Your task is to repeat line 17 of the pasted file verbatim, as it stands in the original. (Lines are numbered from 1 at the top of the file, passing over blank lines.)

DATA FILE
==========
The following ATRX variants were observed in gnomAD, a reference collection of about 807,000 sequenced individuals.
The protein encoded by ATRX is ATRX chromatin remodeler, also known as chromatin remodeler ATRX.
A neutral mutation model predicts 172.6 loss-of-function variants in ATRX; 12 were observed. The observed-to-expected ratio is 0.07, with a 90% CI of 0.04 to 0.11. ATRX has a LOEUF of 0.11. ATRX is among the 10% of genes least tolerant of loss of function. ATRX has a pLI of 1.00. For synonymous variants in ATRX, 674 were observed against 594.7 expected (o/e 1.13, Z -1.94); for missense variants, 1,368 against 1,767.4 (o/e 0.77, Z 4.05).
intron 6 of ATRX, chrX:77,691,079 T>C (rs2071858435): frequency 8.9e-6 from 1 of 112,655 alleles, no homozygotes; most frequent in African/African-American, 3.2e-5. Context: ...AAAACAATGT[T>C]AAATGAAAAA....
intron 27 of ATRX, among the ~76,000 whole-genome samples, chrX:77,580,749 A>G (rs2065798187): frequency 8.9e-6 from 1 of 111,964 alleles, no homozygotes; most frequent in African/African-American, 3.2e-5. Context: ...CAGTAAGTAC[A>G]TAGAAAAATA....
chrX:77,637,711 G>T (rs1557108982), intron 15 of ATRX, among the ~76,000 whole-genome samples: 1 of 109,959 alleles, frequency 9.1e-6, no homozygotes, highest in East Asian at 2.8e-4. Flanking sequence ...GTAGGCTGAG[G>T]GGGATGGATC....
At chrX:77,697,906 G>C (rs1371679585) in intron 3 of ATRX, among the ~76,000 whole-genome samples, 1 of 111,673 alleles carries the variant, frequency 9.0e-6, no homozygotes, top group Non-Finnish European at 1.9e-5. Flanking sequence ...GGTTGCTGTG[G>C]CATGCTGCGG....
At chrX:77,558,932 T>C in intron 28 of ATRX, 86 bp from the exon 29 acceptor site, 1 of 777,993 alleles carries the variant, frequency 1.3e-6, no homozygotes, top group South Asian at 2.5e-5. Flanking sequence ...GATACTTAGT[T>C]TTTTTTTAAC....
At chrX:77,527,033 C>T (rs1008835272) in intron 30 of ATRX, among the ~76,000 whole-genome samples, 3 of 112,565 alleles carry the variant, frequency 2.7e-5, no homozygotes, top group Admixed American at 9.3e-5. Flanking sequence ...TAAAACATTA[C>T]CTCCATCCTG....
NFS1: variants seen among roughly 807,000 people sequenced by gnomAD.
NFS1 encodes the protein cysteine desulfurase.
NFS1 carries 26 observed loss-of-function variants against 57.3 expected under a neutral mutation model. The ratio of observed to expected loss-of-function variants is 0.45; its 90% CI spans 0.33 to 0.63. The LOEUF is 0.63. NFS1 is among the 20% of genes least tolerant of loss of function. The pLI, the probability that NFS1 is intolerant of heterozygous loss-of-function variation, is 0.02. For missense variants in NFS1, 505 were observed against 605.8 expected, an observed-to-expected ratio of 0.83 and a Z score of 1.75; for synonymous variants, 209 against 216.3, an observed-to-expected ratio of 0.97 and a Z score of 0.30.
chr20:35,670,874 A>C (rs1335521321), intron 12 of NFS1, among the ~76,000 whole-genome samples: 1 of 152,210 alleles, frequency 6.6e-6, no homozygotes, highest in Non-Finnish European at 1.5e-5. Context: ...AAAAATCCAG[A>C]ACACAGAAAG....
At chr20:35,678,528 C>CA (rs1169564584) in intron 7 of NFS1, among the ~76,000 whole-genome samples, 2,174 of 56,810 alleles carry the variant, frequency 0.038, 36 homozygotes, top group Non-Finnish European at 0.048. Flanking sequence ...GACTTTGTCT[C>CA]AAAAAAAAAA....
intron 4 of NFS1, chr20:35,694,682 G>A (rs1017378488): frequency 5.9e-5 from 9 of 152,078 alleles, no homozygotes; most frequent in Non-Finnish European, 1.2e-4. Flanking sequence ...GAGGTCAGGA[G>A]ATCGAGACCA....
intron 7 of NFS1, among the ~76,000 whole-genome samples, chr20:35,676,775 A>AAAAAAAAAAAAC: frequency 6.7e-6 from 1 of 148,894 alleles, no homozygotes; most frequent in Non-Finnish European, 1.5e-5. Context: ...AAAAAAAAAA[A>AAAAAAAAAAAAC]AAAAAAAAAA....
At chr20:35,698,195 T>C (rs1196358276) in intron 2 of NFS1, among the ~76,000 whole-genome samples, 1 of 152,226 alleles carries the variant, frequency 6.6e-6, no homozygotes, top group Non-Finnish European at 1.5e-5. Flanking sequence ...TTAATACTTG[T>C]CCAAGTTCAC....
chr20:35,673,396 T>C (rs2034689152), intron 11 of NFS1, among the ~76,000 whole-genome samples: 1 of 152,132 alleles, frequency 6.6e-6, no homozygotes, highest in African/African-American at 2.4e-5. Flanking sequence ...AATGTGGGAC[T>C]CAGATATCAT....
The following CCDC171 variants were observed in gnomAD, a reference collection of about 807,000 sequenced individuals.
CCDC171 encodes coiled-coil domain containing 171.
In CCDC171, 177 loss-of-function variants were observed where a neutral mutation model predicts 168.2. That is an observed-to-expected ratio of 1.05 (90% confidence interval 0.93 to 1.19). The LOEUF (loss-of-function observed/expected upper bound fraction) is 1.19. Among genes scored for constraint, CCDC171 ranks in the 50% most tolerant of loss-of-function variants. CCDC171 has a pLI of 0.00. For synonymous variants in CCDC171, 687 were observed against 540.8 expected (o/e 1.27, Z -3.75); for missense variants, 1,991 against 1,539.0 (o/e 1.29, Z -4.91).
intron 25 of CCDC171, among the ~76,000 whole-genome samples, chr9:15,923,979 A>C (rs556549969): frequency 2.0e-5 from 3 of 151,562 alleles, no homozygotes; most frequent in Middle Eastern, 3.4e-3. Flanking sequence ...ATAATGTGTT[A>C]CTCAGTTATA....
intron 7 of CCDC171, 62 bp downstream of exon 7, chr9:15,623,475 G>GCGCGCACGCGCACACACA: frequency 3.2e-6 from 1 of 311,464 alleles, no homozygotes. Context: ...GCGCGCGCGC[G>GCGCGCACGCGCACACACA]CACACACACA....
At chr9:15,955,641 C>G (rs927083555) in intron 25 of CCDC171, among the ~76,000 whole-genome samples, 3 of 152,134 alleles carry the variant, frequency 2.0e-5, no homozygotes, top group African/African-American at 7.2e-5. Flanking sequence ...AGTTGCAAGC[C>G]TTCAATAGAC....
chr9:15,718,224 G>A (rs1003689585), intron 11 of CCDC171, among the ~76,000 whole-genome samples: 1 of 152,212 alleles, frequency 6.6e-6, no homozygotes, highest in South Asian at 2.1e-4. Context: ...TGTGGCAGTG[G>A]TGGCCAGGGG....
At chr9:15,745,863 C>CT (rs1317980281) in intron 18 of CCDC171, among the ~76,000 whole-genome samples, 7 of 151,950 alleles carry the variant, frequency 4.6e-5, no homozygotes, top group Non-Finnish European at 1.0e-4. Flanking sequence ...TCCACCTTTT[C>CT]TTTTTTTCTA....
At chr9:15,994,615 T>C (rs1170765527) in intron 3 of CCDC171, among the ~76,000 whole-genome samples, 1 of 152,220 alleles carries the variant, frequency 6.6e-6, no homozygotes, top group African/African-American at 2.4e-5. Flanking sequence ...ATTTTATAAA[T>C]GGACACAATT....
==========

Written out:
At chr20:35,698,195 T>C (rs1196358276) in intron 2 of NFS1, among the ~76,000 whole-genome samples, 1 of 152,226 alleles carries the variant, frequency 6.6e-6, no homozygotes, top group Non-Finnish European at 1.5e-5. Flanking sequence ...TTAATACTTG[T>C]CCAAGTTCAC....